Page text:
China's economic woes that have brought growth to a three-year low will continue for some time, but the slower expansion remains within expectations, premier Wen Jiabao said today.
Speaking during a tour of the south-western city of Chengdu, Mr Wen said the Chinese need to recognise the seriousness and complexity of the challenges the country faces. But he added that China's economic fundamentals remain favourable.
"At present, our country's economic growth rate remains within the target range set earlier this year and we are seeing the effectiveness of stabilisation policies," Mr Wen said in remarks posted on the central government's official website.
The government will prioritise job creation and provide financial aid and tax breaks to companies suffering from slowing exports due to sinking overseas demand, Mr Wen said. Private investment will be encouraged and the government will promote industrial upgrading and urbanisation to spur consumption, he said.
"All regions and departments need to proceed with even greater determination and courage," Mr Wen said.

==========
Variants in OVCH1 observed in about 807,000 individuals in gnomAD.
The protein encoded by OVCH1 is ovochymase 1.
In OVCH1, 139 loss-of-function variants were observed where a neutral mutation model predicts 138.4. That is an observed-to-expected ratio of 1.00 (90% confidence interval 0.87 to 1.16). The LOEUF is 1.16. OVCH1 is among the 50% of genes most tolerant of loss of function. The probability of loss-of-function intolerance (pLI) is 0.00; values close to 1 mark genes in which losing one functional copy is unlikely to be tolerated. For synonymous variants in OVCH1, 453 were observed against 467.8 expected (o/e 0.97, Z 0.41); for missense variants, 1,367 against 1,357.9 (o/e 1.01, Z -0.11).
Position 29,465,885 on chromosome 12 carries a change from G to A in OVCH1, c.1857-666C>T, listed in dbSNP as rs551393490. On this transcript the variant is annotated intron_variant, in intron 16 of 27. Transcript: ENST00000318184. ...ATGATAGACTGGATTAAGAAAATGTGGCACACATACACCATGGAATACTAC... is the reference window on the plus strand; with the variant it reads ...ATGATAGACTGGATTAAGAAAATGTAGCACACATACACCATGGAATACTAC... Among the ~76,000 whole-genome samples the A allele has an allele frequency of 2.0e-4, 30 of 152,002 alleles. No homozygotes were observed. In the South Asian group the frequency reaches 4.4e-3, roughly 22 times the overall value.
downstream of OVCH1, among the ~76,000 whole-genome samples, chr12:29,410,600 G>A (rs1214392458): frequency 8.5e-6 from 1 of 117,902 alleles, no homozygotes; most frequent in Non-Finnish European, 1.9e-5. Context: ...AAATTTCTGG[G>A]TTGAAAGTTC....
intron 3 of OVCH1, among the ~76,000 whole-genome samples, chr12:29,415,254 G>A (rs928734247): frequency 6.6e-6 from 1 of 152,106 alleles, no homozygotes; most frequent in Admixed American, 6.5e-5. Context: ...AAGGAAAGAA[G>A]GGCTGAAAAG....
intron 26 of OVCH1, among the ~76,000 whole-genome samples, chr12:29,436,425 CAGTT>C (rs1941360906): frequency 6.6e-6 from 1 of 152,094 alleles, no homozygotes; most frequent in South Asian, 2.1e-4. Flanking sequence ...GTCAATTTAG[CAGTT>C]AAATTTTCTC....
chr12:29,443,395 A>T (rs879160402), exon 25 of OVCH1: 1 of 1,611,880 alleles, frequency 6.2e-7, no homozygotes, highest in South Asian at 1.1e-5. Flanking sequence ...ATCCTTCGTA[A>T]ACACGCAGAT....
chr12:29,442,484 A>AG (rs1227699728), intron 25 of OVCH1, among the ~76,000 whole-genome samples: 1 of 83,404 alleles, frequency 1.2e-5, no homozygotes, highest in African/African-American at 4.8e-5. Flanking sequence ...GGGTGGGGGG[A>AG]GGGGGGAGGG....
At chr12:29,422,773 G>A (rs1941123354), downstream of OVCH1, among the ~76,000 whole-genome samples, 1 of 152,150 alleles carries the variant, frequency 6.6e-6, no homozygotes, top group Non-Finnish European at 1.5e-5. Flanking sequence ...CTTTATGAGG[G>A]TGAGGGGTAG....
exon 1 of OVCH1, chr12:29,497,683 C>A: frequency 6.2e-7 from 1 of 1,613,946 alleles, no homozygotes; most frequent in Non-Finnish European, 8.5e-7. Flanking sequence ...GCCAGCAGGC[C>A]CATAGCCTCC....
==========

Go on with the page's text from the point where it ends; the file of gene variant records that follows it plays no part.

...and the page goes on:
His comments follow the government's announcement on Friday that the world's second-largest economy grew by 7.6% in the three months ending in June over a year earlier. That was the lowest since the first quarter of 2009 during the depths of the global financial crisis.
Growth was down from the previous quarter's 8.1%, dampening hopes that China can make up for US and European weakness, but in line with the government's official target of 7.5% for the year
Private-sector forecasters say the economy may have bottomed out during the first two quarters and China still is likely to achieve its target for the year.
Export growth has fallen and consumer spending weakened despite stimulus measures including two interest rate cuts since the start of June. The government is also pumping money into the economy through higher investment by state-owned industry and more spending on low-cost housing and other public works.
However, Beijing is moving cautiously after its 2008 stimulus pushed up inflation and spurred a wasteful building boom. Authorities have said curbs imposed on building and home sales to cool surging housing prices will remain in place.